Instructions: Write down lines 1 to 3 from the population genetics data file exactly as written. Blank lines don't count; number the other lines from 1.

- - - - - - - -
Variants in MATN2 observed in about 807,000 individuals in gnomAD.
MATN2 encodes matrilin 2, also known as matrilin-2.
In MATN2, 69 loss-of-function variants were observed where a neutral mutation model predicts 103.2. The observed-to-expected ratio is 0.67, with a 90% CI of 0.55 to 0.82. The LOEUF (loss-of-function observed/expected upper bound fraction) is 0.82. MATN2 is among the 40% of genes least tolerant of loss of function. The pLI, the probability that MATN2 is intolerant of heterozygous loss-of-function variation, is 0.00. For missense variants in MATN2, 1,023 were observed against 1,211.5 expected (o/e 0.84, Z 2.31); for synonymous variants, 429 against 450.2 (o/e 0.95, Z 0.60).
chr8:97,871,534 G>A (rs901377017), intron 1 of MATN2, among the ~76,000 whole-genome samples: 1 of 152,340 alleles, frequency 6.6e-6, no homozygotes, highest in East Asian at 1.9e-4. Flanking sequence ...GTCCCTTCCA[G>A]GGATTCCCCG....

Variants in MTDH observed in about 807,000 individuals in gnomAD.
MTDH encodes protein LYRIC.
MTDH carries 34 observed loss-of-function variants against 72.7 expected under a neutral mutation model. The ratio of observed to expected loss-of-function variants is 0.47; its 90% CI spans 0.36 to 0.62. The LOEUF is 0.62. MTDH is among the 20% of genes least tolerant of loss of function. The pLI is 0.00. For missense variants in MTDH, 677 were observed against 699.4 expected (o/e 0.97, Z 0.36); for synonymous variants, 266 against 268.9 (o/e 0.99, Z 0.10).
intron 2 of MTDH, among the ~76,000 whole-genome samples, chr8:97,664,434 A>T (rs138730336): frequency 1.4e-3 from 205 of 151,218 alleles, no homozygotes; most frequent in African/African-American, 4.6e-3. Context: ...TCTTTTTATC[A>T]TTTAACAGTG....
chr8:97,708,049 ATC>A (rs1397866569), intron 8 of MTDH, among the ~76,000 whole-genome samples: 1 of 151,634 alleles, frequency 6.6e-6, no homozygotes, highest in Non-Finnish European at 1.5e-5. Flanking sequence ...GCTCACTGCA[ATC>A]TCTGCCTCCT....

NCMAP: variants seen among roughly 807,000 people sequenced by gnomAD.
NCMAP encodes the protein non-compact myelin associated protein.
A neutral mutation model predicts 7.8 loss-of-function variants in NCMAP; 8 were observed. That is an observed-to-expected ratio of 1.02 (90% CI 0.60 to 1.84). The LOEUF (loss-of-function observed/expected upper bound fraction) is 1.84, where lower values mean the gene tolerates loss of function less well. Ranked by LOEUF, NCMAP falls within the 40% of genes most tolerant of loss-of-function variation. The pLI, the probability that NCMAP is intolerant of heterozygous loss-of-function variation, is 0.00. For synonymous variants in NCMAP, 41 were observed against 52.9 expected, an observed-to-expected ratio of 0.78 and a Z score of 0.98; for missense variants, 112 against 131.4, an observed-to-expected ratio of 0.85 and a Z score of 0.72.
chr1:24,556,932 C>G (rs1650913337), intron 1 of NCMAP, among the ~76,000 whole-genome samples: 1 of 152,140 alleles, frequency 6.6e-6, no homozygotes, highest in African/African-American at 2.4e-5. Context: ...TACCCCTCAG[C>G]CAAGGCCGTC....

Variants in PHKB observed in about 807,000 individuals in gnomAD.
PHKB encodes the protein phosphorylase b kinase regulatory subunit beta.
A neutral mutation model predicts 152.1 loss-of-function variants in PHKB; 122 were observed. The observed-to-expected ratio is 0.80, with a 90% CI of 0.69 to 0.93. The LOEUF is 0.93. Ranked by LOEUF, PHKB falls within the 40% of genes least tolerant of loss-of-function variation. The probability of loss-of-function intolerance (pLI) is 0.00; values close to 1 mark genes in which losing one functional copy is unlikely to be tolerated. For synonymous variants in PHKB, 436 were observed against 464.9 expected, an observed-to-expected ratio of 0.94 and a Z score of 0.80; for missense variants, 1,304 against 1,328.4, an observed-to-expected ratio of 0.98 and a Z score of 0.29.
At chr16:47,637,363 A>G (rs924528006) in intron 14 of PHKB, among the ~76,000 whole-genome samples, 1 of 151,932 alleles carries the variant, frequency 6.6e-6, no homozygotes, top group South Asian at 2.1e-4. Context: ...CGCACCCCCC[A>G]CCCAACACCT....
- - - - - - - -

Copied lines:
Variants in MATN2 observed in about 807,000 individuals in gnomAD.
MATN2 encodes matrilin 2, also known as matrilin-2.
In MATN2, 69 loss-of-function variants were observed where a neutral mutation model predicts 103.2. The observed-to-expected ratio is 0.67, with a 90% CI of 0.55 to 0.82. The LOEUF (loss-of-function observed/expected upper bound fraction) is 0.82. MATN2 is among the 40% of genes least tolerant of loss of function. The pLI, the probability that MATN2 is intolerant of heterozygous loss-of-function variation, is 0.00. For missense variants in MATN2, 1,023 were observed against 1,211.5 expected (o/e 0.84, Z 2.31); for synonymous variants, 429 against 450.2 (o/e 0.95, Z 0.60).